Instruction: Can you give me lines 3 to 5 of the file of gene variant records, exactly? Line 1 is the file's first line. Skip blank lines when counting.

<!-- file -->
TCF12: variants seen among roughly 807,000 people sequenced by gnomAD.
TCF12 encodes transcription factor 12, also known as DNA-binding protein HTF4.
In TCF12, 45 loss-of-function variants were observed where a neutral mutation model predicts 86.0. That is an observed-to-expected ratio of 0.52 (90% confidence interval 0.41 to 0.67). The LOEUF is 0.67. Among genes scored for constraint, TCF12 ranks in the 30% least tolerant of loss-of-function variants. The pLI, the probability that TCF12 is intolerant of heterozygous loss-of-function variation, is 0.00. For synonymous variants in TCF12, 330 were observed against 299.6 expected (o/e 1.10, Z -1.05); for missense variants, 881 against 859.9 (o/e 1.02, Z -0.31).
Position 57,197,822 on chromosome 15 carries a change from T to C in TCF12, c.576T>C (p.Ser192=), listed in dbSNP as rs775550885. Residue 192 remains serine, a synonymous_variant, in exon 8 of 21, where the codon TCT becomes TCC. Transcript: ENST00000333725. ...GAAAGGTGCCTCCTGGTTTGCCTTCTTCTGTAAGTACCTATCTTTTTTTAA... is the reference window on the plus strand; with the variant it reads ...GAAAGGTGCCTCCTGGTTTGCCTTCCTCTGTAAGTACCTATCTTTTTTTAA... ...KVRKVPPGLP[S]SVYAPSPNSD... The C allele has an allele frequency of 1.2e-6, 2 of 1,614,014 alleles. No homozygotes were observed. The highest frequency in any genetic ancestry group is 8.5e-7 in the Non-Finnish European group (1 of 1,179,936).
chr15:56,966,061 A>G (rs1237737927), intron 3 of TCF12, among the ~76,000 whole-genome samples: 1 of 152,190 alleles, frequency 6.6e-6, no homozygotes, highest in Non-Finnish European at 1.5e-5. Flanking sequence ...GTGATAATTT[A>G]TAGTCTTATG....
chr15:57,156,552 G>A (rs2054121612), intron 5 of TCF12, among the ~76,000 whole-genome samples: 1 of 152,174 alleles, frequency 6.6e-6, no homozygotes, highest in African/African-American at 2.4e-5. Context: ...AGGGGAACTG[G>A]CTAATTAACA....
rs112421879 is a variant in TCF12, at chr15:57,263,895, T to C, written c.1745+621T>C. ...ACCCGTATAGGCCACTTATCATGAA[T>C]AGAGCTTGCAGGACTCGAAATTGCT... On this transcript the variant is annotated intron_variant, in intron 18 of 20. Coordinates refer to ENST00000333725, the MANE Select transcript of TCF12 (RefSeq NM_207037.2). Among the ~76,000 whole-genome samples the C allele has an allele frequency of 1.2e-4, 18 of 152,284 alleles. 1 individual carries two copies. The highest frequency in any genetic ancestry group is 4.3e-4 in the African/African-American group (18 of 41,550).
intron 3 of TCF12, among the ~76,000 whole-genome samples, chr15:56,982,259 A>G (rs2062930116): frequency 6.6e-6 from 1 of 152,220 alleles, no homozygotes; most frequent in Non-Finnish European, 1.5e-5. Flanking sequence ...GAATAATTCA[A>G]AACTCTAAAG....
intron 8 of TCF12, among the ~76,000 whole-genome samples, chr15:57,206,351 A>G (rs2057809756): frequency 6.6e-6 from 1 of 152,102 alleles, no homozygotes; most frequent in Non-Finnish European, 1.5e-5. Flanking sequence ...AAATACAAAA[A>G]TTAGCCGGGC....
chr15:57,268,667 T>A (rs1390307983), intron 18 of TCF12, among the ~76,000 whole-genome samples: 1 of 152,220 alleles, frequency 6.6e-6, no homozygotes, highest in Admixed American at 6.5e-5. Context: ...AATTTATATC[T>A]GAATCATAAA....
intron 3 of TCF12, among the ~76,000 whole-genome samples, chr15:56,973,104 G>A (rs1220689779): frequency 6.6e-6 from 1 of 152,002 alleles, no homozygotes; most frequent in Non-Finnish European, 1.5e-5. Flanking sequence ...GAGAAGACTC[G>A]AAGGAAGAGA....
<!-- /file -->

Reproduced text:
In TCF12, 45 loss-of-function variants were observed where a neutral mutation model predicts 86.0. That is an observed-to-expected ratio of 0.52 (90% confidence interval 0.41 to 0.67). The LOEUF is 0.67. Among genes scored for constraint, TCF12 ranks in the 30% least tolerant of loss-of-function variants. The pLI, the probability that TCF12 is intolerant of heterozygous loss-of-function variation, is 0.00. For synonymous variants in TCF12, 330 were observed against 299.6 expected (o/e 1.10, Z -1.05); for missense variants, 881 against 859.9 (o/e 1.02, Z -0.31).
Position 57,197,822 on chromosome 15 carries a change from T to C in TCF12, c.576T>C (p.Ser192=), listed in dbSNP as rs775550885. Residue 192 remains serine, a synonymous_variant, in exon 8 of 21, where the codon TCT becomes TCC. Transcript: ENST00000333725. ...GAAAGGTGCCTCCTGGTTTGCCTTCTTCTGTAAGTACCTATCTTTTTTTAA... is the reference window on the plus strand; with the variant it reads ...GAAAGGTGCCTCCTGGTTTGCCTTCCTCTGTAAGTACCTATCTTTTTTTAA... ...KVRKVPPGLP[S]SVYAPSPNSD... The C allele has an allele frequency of 1.2e-6, 2 of 1,614,014 alleles. No homozygotes were observed. The highest frequency in any genetic ancestry group is 8.5e-7 in the Non-Finnish European group (1 of 1,179,936).
chr15:56,966,061 A>G (rs1237737927), intron 3 of TCF12, among the ~76,000 whole-genome samples: 1 of 152,190 alleles, frequency 6.6e-6, no homozygotes, highest in Non-Finnish European at 1.5e-5. Flanking sequence ...GTGATAATTT[A>G]TAGTCTTATG....